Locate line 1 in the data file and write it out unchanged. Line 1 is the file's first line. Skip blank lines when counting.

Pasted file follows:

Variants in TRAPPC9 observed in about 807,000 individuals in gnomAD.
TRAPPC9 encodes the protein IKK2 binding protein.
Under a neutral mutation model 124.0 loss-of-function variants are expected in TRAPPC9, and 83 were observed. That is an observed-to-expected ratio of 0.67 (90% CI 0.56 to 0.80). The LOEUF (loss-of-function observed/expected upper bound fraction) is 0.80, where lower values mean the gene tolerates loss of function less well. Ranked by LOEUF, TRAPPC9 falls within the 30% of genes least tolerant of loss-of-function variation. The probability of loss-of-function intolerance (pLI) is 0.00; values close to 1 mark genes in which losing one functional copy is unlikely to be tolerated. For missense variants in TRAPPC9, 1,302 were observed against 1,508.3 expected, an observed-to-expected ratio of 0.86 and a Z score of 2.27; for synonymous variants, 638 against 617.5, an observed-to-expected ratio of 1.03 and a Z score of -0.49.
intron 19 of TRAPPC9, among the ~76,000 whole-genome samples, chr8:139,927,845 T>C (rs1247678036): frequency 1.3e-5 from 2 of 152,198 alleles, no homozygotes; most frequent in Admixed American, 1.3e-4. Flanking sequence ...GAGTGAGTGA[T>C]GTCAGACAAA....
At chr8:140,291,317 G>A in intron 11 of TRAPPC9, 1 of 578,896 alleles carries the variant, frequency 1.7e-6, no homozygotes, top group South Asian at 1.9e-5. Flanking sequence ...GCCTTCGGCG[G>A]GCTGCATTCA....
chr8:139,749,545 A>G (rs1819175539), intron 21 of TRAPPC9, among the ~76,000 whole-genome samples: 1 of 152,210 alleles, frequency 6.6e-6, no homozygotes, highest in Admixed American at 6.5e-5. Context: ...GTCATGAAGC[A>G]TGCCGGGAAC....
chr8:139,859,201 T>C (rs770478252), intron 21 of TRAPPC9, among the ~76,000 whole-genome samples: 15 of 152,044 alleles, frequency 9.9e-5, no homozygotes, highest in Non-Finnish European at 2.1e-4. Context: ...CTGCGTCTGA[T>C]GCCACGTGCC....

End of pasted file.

Variants in TRAPPC9 observed in about 807,000 individuals in gnomAD.